From the 30th year of the Daoguang reign (1850) to the 26th year of the Republic of China (1937)
In the first lunar month of the 30th year of the Daoguang reign (1850), the fourth son of Daoguang Emperor, Yizhu, ascended to the throne and granted the title of Prince Kung to Yixin, his brother, also the sixth son of the Daoguang Emperor.
In the same year, Yixin was given the former mansion of Prince Qing, Yonglin, and Fuguo General Yikuang on imperial orders. After more than one year of repairs, in the fourth lunar month of the second year of the Xianfeng reign (June 1852), Yixin moved into the mansion.
Half a year after Yixin moved in, on the 23rd day of the 10th lunar month of the second year of the Xianfeng reign (December 4, 1852), Emperor Xianfeng accompanied Yixin's mother, the imperial concubine, to visit Prince Kung's Palace and inscribed Duo Fu Xuan and Bao Guang Shi for the palace halls. In the early years of the Tongzhi reign, Yixin renovated the back garden of the mansion on a large scale and named it "Langrun Garden".
During the Yixin period, Prince Kung's Palace rose to fame and was of great renown and influence, witnessing the ups and downs of Yixin in the imperial court. On the tenth day of the fourth lunar month of the 24th year of the Guangxu reign (May 29, 1898), Yixin died of illness in the mansion. His grandson Puwei, by the decree of Empress Dowager Cixi, inherited the title of Prince Kung.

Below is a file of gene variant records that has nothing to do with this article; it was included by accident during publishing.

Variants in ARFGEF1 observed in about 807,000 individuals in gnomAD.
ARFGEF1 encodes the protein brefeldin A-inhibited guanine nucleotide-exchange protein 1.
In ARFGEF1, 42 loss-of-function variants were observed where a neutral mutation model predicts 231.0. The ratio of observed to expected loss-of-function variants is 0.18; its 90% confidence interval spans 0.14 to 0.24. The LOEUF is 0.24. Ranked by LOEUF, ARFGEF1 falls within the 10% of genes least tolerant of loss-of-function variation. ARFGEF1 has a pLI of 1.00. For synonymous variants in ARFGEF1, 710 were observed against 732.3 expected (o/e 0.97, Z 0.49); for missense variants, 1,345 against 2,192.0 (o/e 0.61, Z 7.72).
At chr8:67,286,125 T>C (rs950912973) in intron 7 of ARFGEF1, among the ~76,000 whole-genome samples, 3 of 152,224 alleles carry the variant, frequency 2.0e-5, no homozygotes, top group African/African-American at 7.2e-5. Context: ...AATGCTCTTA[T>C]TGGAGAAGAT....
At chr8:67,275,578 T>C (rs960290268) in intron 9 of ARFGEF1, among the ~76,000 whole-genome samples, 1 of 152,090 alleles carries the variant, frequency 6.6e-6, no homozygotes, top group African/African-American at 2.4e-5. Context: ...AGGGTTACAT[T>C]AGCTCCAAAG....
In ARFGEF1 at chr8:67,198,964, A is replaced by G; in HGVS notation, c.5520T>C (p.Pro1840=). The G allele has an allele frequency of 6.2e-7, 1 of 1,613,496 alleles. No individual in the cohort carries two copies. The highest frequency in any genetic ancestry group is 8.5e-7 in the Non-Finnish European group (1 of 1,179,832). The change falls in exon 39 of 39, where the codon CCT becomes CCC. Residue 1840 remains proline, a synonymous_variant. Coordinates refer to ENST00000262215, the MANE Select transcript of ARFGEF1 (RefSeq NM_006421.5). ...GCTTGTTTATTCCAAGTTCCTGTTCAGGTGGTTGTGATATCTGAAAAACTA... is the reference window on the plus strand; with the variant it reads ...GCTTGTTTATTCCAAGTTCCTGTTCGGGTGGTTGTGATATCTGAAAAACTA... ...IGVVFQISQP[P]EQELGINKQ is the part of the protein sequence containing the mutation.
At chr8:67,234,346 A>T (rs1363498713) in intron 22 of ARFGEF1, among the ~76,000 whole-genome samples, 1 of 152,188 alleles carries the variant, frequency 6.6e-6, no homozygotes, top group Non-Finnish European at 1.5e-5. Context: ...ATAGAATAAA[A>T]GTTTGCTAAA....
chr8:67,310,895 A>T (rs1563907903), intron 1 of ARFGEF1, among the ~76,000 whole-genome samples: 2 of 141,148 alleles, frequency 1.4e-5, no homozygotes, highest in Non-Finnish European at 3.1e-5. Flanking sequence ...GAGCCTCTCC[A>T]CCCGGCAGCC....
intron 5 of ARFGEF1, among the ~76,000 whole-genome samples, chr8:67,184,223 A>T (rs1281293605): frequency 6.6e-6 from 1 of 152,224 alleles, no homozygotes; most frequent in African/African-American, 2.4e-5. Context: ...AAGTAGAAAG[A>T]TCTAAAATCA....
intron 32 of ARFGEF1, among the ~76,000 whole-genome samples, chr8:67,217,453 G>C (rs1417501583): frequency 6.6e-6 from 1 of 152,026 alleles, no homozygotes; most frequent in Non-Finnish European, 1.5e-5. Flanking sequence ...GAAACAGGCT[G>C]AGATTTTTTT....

At the end of 1911, when the situation was turbulent and precarious, as a staunch supporter of the imperial power of the Qing Dynasty, Puwei strongly opposed the republic and decided to sacrifice all that he had to maintain the imperial court by selling the ancient paintings and antiques in the mansion.
Due to fear of being persecuted by Yuan Shikai, former President of the Republic of China, Puwei fled from Prince Kung's Palace in January 1912. In February, the emperor of Qing Dynasty abdicated, and for the first time Prince Kung's Palace became a private property that Puwei could dispose of at will.
One of Yixin's concubines stayed in charge of Prince Kung's Palace after Puwei left. Due to financial difficulties, Puwei, who lived outside, asked his family members to offer the residence as a mortgage to a French priest.
In 1924, Puwei's younger brothers, Puru, Puhui, and their mother, who lived in seclusion in Xishan Mountain, went back to live in the adjoining garden of Prince Kung's Palace.
Due to Puwei's continuous loan renewals and compound interest, the amount of his loans became very large after a few years, making Puwei unable to repay the loan. After Puwei died in 1936, the priest sued in the Peking Court in 1937. The court auctioned off Prince Kung's Palace, and it was bought by the Fu Jen Catholic University of Peking. In early 1938, Puru moved out of the mansion.